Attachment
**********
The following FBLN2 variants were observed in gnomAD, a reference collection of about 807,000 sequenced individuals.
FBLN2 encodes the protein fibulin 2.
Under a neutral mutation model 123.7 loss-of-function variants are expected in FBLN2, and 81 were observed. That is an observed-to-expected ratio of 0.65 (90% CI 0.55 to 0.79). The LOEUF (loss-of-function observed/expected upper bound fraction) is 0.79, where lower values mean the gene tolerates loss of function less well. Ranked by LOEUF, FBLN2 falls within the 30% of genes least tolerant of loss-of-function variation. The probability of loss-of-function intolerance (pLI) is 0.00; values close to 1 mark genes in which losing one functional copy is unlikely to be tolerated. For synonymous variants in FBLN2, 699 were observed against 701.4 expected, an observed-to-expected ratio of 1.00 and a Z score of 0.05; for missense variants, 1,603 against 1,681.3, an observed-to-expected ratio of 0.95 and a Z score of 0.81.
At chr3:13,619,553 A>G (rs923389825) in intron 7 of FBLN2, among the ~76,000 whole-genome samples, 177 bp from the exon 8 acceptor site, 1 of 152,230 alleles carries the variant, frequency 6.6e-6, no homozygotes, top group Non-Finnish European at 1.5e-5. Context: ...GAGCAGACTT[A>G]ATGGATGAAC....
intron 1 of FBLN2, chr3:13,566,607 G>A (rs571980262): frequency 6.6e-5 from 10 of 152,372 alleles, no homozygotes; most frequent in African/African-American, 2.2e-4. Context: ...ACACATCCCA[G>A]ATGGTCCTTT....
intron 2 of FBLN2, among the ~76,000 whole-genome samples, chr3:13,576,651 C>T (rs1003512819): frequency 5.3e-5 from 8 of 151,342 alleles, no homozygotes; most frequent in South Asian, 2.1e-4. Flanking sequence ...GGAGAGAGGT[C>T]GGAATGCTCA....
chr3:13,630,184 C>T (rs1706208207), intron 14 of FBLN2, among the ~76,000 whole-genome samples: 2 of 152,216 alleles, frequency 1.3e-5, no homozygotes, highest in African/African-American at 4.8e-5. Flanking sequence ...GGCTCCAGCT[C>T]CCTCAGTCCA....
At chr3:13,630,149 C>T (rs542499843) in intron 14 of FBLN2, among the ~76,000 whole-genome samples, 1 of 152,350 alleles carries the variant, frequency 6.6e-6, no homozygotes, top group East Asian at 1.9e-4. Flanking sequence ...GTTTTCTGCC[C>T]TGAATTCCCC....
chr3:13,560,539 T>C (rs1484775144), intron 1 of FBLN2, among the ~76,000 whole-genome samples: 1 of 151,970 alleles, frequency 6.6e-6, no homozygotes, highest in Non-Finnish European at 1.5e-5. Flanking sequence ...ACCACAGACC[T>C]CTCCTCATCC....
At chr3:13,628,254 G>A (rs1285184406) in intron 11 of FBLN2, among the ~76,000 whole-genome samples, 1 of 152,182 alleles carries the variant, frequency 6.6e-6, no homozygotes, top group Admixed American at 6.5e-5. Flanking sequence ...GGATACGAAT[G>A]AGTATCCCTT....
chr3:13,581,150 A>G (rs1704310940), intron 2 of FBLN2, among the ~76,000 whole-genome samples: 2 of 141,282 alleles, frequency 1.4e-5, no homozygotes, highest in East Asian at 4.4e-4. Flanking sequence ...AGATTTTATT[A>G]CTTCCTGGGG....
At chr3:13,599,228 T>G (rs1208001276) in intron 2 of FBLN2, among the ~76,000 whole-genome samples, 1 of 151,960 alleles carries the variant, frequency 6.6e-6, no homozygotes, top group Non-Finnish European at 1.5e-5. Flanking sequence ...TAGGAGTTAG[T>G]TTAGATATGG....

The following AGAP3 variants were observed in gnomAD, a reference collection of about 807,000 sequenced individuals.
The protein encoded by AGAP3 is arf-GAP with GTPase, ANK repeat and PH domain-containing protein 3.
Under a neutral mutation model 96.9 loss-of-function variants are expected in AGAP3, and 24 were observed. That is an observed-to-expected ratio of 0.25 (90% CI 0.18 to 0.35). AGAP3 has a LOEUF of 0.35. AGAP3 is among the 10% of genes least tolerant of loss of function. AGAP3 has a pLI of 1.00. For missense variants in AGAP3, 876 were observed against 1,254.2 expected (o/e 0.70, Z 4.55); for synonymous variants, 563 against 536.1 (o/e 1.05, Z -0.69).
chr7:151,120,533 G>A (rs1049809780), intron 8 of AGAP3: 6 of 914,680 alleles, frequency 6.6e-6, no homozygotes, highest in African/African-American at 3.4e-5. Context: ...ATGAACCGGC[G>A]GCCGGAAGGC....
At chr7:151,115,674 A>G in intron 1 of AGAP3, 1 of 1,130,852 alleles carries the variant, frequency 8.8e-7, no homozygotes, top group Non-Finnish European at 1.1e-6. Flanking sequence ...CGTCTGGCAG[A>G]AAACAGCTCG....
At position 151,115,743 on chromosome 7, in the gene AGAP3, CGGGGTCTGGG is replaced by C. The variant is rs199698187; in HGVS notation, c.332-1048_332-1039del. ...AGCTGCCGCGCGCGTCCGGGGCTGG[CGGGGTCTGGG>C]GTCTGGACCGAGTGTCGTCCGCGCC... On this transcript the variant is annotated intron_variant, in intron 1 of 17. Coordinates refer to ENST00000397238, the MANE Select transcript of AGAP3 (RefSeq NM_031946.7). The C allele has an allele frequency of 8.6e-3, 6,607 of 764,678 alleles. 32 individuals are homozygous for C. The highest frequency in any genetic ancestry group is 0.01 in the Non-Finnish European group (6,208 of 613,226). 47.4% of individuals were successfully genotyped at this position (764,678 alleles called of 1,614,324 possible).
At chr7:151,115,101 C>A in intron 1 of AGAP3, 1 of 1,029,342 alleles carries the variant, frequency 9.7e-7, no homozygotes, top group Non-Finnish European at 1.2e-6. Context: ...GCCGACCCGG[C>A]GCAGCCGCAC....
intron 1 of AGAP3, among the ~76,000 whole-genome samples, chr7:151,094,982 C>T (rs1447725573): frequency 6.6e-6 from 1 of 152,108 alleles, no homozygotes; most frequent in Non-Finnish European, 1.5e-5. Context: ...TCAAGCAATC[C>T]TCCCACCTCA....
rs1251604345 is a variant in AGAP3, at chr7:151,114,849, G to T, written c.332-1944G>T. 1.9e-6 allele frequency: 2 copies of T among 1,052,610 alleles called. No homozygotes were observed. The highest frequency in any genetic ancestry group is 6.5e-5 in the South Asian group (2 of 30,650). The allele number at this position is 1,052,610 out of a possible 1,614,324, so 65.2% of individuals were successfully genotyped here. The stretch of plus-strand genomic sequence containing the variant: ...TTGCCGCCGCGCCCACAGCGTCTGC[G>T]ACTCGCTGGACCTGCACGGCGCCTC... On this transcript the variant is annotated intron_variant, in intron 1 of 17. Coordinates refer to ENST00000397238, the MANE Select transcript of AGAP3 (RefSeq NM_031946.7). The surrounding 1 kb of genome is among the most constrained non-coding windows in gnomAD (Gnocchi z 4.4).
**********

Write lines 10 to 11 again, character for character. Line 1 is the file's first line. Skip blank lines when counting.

At chr3:13,628,254 G>A (rs1285184406) in intron 11 of FBLN2, among the ~76,000 whole-genome samples, 1 of 152,182 alleles carries the variant, frequency 6.6e-6, no homozygotes, top group Admixed American at 6.5e-5. Flanking sequence ...GGATACGAAT[G>A]AGTATCCCTT....
chr3:13,581,150 A>G (rs1704310940), intron 2 of FBLN2, among the ~76,000 whole-genome samples: 2 of 141,282 alleles, frequency 1.4e-5, no homozygotes, highest in East Asian at 4.4e-4. Flanking sequence ...AGATTTTATT[A>G]CTTCCTGGGG....